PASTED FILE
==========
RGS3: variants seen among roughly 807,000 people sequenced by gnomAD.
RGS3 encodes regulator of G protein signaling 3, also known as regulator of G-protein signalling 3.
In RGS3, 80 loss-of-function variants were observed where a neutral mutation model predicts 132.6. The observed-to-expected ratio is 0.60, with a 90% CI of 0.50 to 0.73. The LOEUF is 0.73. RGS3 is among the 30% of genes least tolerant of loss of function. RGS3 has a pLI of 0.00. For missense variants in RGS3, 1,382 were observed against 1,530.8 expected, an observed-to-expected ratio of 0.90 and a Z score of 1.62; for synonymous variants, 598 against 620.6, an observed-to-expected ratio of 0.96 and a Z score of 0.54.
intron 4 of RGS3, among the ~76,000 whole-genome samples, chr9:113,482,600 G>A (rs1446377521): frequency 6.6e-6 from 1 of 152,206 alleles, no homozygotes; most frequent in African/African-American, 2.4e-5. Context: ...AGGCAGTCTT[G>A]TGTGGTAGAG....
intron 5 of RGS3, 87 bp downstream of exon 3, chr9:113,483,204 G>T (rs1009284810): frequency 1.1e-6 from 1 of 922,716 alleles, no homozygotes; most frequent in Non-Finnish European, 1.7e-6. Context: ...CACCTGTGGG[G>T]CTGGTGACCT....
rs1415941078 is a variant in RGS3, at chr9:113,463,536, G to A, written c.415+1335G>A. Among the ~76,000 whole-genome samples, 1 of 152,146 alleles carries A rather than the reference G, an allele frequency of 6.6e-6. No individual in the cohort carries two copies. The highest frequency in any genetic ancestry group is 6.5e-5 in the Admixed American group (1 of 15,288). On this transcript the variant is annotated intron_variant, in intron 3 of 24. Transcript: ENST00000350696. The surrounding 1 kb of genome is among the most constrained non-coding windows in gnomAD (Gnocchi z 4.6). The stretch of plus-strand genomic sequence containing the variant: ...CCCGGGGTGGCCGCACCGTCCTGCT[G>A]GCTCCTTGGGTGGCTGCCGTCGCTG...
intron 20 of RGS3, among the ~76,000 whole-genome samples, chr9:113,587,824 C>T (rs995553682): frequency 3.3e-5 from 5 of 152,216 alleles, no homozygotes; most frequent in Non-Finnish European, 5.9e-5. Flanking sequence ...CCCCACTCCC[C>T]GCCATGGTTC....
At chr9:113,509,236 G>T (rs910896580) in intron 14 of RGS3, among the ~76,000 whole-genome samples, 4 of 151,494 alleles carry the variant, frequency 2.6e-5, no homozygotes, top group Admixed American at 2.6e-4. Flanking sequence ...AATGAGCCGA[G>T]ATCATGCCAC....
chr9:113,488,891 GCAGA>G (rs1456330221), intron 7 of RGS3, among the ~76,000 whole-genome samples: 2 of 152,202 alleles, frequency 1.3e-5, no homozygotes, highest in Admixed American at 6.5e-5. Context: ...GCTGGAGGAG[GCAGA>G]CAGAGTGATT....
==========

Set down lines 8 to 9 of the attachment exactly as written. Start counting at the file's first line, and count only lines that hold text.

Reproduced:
At chr9:113,509,236 G>T (rs910896580) in intron 14 of RGS3, among the ~76,000 whole-genome samples, 4 of 151,494 alleles carry the variant, frequency 2.6e-5, no homozygotes, top group Admixed American at 2.6e-4. Flanking sequence ...AATGAGCCGA[G>T]ATCATGCCAC....
chr9:113,488,891 GCAGA>G (rs1456330221), intron 7 of RGS3, among the ~76,000 whole-genome samples: 2 of 152,202 alleles, frequency 1.3e-5, no homozygotes, highest in Admixed American at 6.5e-5. Context: ...GCTGGAGGAG[GCAGA>G]CAGAGTGATT....